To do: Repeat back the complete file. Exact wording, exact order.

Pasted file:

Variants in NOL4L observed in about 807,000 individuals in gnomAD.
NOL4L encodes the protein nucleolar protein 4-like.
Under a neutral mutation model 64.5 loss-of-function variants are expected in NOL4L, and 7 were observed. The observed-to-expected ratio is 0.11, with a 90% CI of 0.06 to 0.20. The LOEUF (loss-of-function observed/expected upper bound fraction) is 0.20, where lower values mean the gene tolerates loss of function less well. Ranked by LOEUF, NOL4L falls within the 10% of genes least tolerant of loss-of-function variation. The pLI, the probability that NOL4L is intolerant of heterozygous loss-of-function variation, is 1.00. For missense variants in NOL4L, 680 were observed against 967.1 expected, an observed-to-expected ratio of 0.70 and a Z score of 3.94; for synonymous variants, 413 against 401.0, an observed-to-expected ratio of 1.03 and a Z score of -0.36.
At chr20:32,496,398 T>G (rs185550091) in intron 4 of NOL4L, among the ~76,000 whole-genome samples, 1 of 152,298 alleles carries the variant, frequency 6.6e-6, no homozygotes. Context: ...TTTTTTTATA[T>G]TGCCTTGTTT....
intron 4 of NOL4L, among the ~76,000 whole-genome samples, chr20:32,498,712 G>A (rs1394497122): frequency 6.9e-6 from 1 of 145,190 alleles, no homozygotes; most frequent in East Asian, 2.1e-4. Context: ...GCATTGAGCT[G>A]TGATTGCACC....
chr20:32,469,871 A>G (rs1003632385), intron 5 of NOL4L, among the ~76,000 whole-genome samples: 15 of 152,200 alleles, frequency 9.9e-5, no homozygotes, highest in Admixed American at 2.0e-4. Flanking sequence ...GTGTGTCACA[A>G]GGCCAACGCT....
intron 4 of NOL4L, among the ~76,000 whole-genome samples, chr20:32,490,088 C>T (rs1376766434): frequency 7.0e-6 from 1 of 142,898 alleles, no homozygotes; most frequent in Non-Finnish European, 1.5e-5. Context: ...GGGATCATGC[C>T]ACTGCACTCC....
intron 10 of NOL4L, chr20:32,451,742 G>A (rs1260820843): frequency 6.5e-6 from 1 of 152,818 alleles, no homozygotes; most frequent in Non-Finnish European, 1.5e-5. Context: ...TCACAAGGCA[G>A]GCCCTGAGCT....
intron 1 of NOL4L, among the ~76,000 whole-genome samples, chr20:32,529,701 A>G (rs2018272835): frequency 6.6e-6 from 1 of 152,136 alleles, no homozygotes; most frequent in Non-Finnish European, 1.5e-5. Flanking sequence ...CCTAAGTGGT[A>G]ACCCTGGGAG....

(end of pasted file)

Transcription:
Variants in NOL4L observed in about 807,000 individuals in gnomAD.
NOL4L encodes the protein nucleolar protein 4-like.
Under a neutral mutation model 64.5 loss-of-function variants are expected in NOL4L, and 7 were observed. The observed-to-expected ratio is 0.11, with a 90% CI of 0.06 to 0.20. The LOEUF (loss-of-function observed/expected upper bound fraction) is 0.20, where lower values mean the gene tolerates loss of function less well. Ranked by LOEUF, NOL4L falls within the 10% of genes least tolerant of loss-of-function variation. The pLI, the probability that NOL4L is intolerant of heterozygous loss-of-function variation, is 1.00. For missense variants in NOL4L, 680 were observed against 967.1 expected, an observed-to-expected ratio of 0.70 and a Z score of 3.94; for synonymous variants, 413 against 401.0, an observed-to-expected ratio of 1.03 and a Z score of -0.36.
At chr20:32,496,398 T>G (rs185550091) in intron 4 of NOL4L, among the ~76,000 whole-genome samples, 1 of 152,298 alleles carries the variant, frequency 6.6e-6, no homozygotes. Context: ...TTTTTTTATA[T>G]TGCCTTGTTT....
intron 4 of NOL4L, among the ~76,000 whole-genome samples, chr20:32,498,712 G>A (rs1394497122): frequency 6.9e-6 from 1 of 145,190 alleles, no homozygotes; most frequent in East Asian, 2.1e-4. Context: ...GCATTGAGCT[G>A]TGATTGCACC....
chr20:32,469,871 A>G (rs1003632385), intron 5 of NOL4L, among the ~76,000 whole-genome samples: 15 of 152,200 alleles, frequency 9.9e-5, no homozygotes, highest in Admixed American at 2.0e-4. Flanking sequence ...GTGTGTCACA[A>G]GGCCAACGCT....
intron 4 of NOL4L, among the ~76,000 whole-genome samples, chr20:32,490,088 C>T (rs1376766434): frequency 7.0e-6 from 1 of 142,898 alleles, no homozygotes; most frequent in Non-Finnish European, 1.5e-5. Context: ...GGGATCATGC[C>T]ACTGCACTCC....
intron 10 of NOL4L, chr20:32,451,742 G>A (rs1260820843): frequency 6.5e-6 from 1 of 152,818 alleles, no homozygotes; most frequent in Non-Finnish European, 1.5e-5. Context: ...TCACAAGGCA[G>A]GCCCTGAGCT....
intron 1 of NOL4L, among the ~76,000 whole-genome samples, chr20:32,529,701 A>G (rs2018272835): frequency 6.6e-6 from 1 of 152,136 alleles, no homozygotes; most frequent in Non-Finnish European, 1.5e-5. Flanking sequence ...CCTAAGTGGT[A>G]ACCCTGGGAG....